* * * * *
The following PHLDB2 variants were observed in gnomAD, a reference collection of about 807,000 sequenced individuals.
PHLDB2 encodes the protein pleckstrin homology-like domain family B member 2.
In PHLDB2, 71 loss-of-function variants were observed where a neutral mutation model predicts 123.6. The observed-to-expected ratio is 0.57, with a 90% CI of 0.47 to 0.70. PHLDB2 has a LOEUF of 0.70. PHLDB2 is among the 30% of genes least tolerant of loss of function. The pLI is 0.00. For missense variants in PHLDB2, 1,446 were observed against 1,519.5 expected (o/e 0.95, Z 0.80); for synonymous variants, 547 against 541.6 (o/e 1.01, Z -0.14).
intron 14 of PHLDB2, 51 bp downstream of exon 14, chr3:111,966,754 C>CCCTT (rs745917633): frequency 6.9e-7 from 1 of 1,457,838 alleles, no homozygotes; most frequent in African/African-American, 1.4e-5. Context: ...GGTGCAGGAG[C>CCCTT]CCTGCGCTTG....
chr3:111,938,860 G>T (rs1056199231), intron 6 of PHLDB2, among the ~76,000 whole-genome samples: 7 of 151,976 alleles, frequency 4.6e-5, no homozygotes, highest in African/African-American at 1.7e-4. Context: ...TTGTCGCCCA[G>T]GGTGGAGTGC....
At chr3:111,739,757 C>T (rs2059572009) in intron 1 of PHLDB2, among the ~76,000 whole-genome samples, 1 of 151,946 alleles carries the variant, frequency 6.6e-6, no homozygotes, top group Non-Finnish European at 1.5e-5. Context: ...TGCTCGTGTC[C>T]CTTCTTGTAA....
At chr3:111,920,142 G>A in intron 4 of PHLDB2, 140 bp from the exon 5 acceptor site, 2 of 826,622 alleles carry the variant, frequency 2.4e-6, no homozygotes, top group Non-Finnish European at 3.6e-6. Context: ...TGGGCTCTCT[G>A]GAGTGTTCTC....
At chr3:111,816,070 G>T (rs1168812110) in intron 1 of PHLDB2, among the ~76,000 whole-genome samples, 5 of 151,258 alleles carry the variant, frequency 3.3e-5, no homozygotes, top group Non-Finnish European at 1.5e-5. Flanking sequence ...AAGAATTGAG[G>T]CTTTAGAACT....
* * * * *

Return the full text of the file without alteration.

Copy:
The following PHLDB2 variants were observed in gnomAD, a reference collection of about 807,000 sequenced individuals.
PHLDB2 encodes the protein pleckstrin homology-like domain family B member 2.
In PHLDB2, 71 loss-of-function variants were observed where a neutral mutation model predicts 123.6. The observed-to-expected ratio is 0.57, with a 90% CI of 0.47 to 0.70. PHLDB2 has a LOEUF of 0.70. PHLDB2 is among the 30% of genes least tolerant of loss of function. The pLI is 0.00. For missense variants in PHLDB2, 1,446 were observed against 1,519.5 expected (o/e 0.95, Z 0.80); for synonymous variants, 547 against 541.6 (o/e 1.01, Z -0.14).
intron 14 of PHLDB2, 51 bp downstream of exon 14, chr3:111,966,754 C>CCCTT (rs745917633): frequency 6.9e-7 from 1 of 1,457,838 alleles, no homozygotes; most frequent in African/African-American, 1.4e-5. Context: ...GGTGCAGGAG[C>CCCTT]CCTGCGCTTG....
chr3:111,938,860 G>T (rs1056199231), intron 6 of PHLDB2, among the ~76,000 whole-genome samples: 7 of 151,976 alleles, frequency 4.6e-5, no homozygotes, highest in African/African-American at 1.7e-4. Context: ...TTGTCGCCCA[G>T]GGTGGAGTGC....
At chr3:111,739,757 C>T (rs2059572009) in intron 1 of PHLDB2, among the ~76,000 whole-genome samples, 1 of 151,946 alleles carries the variant, frequency 6.6e-6, no homozygotes, top group Non-Finnish European at 1.5e-5. Context: ...TGCTCGTGTC[C>T]CTTCTTGTAA....
At chr3:111,920,142 G>A in intron 4 of PHLDB2, 140 bp from the exon 5 acceptor site, 2 of 826,622 alleles carry the variant, frequency 2.4e-6, no homozygotes, top group Non-Finnish European at 3.6e-6. Context: ...TGGGCTCTCT[G>A]GAGTGTTCTC....
At chr3:111,816,070 G>T (rs1168812110) in intron 1 of PHLDB2, among the ~76,000 whole-genome samples, 5 of 151,258 alleles carry the variant, frequency 3.3e-5, no homozygotes, top group Non-Finnish European at 1.5e-5. Flanking sequence ...AAGAATTGAG[G>T]CTTTAGAACT....